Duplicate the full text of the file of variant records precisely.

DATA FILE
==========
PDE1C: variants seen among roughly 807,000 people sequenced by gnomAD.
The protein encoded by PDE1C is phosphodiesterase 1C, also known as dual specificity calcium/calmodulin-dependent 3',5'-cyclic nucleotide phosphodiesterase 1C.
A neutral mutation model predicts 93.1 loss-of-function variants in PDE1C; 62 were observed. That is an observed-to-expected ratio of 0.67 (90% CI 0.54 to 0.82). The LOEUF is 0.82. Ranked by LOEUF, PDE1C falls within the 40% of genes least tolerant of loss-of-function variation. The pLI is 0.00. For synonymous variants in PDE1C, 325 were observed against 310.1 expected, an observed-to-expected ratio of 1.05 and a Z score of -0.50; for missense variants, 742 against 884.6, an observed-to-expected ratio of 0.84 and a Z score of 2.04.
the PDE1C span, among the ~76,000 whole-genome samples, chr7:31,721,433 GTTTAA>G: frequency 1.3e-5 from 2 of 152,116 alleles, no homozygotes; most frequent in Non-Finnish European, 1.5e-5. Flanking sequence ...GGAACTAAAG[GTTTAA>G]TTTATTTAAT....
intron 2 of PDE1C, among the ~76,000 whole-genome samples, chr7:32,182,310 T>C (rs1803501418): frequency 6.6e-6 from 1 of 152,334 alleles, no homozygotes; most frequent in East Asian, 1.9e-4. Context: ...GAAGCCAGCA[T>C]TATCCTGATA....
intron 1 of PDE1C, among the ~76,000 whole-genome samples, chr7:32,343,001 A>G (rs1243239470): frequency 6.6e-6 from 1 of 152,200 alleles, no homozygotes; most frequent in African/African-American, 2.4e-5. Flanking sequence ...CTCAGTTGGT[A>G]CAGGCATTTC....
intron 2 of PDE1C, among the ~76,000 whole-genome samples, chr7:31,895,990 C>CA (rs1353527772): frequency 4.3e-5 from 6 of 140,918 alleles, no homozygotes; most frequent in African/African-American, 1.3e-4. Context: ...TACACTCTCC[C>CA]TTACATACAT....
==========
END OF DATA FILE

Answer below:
PDE1C: variants seen among roughly 807,000 people sequenced by gnomAD.
The protein encoded by PDE1C is phosphodiesterase 1C, also known as dual specificity calcium/calmodulin-dependent 3',5'-cyclic nucleotide phosphodiesterase 1C.
A neutral mutation model predicts 93.1 loss-of-function variants in PDE1C; 62 were observed. That is an observed-to-expected ratio of 0.67 (90% CI 0.54 to 0.82). The LOEUF is 0.82. Ranked by LOEUF, PDE1C falls within the 40% of genes least tolerant of loss-of-function variation. The pLI is 0.00. For synonymous variants in PDE1C, 325 were observed against 310.1 expected, an observed-to-expected ratio of 1.05 and a Z score of -0.50; for missense variants, 742 against 884.6, an observed-to-expected ratio of 0.84 and a Z score of 2.04.
the PDE1C span, among the ~76,000 whole-genome samples, chr7:31,721,433 GTTTAA>G: frequency 1.3e-5 from 2 of 152,116 alleles, no homozygotes; most frequent in Non-Finnish European, 1.5e-5. Flanking sequence ...GGAACTAAAG[GTTTAA>G]TTTATTTAAT....
intron 2 of PDE1C, among the ~76,000 whole-genome samples, chr7:32,182,310 T>C (rs1803501418): frequency 6.6e-6 from 1 of 152,334 alleles, no homozygotes; most frequent in East Asian, 1.9e-4. Context: ...GAAGCCAGCA[T>C]TATCCTGATA....
intron 1 of PDE1C, among the ~76,000 whole-genome samples, chr7:32,343,001 A>G (rs1243239470): frequency 6.6e-6 from 1 of 152,200 alleles, no homozygotes; most frequent in African/African-American, 2.4e-5. Flanking sequence ...CTCAGTTGGT[A>G]CAGGCATTTC....
intron 2 of PDE1C, among the ~76,000 whole-genome samples, chr7:31,895,990 C>CA (rs1353527772): frequency 4.3e-5 from 6 of 140,918 alleles, no homozygotes; most frequent in African/African-American, 1.3e-4. Context: ...TACACTCTCC[C>CA]TTACATACAT....